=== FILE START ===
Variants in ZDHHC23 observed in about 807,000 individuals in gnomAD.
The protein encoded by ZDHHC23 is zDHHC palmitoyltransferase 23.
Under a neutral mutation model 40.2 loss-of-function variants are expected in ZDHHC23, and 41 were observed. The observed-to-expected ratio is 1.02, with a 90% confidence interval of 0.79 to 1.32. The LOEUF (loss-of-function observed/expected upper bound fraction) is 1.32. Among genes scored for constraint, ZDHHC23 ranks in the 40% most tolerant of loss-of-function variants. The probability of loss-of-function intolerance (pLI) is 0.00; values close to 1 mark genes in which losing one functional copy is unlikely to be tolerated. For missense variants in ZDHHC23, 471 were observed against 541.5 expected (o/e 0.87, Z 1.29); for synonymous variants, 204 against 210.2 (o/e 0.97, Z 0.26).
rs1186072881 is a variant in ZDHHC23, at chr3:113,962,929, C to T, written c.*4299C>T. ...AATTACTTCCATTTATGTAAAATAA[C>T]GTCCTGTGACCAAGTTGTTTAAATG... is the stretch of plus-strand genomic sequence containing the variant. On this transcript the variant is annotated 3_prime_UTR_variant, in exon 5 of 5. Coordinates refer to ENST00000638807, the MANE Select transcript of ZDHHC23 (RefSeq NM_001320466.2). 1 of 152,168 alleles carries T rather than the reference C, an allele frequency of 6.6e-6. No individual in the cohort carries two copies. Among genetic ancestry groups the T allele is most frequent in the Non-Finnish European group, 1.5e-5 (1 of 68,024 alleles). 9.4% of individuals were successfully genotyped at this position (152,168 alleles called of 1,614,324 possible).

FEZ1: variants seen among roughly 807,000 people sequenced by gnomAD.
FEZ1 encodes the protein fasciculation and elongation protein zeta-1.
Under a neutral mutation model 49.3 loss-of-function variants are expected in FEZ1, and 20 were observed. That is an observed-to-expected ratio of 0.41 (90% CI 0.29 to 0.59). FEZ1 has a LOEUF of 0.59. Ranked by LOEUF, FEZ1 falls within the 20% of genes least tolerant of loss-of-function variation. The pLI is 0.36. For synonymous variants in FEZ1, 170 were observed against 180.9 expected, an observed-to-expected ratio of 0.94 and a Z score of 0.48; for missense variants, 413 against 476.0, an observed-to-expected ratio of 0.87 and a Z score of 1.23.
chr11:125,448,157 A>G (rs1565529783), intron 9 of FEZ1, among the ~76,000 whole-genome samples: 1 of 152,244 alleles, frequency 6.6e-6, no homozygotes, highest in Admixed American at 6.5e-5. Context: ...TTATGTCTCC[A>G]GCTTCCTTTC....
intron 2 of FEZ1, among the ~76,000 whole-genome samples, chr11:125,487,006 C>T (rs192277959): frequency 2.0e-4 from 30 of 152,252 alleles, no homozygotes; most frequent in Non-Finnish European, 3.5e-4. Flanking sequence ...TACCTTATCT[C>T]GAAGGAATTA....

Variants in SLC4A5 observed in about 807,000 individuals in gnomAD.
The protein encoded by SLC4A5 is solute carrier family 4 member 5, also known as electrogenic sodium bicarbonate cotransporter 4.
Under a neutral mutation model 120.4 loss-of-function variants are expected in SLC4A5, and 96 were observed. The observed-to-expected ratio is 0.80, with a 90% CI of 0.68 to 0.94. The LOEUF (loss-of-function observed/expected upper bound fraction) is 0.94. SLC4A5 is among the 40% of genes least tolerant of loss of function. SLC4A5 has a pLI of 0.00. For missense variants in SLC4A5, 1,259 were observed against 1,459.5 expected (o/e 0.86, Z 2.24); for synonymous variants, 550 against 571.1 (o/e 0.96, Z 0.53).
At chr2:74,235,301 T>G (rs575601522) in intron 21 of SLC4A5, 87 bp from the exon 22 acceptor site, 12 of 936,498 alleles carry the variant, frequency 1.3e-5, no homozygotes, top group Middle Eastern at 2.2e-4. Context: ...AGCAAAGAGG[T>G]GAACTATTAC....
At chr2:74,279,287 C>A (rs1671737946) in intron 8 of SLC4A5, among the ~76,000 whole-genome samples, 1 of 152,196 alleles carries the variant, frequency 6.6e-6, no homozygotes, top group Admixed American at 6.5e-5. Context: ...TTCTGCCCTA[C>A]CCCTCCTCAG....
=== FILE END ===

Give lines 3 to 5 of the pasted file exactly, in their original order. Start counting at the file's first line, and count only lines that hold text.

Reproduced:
Under a neutral mutation model 40.2 loss-of-function variants are expected in ZDHHC23, and 41 were observed. The observed-to-expected ratio is 1.02, with a 90% confidence interval of 0.79 to 1.32. The LOEUF (loss-of-function observed/expected upper bound fraction) is 1.32. Among genes scored for constraint, ZDHHC23 ranks in the 40% most tolerant of loss-of-function variants. The probability of loss-of-function intolerance (pLI) is 0.00; values close to 1 mark genes in which losing one functional copy is unlikely to be tolerated. For missense variants in ZDHHC23, 471 were observed against 541.5 expected (o/e 0.87, Z 1.29); for synonymous variants, 204 against 210.2 (o/e 0.97, Z 0.26).
rs1186072881 is a variant in ZDHHC23, at chr3:113,962,929, C to T, written c.*4299C>T. ...AATTACTTCCATTTATGTAAAATAA[C>T]GTCCTGTGACCAAGTTGTTTAAATG... is the stretch of plus-strand genomic sequence containing the variant. On this transcript the variant is annotated 3_prime_UTR_variant, in exon 5 of 5. Coordinates refer to ENST00000638807, the MANE Select transcript of ZDHHC23 (RefSeq NM_001320466.2). 1 of 152,168 alleles carries T rather than the reference C, an allele frequency of 6.6e-6. No individual in the cohort carries two copies. Among genetic ancestry groups the T allele is most frequent in the Non-Finnish European group, 1.5e-5 (1 of 68,024 alleles). 9.4% of individuals were successfully genotyped at this position (152,168 alleles called of 1,614,324 possible).

FEZ1: variants seen among roughly 807,000 people sequenced by gnomAD.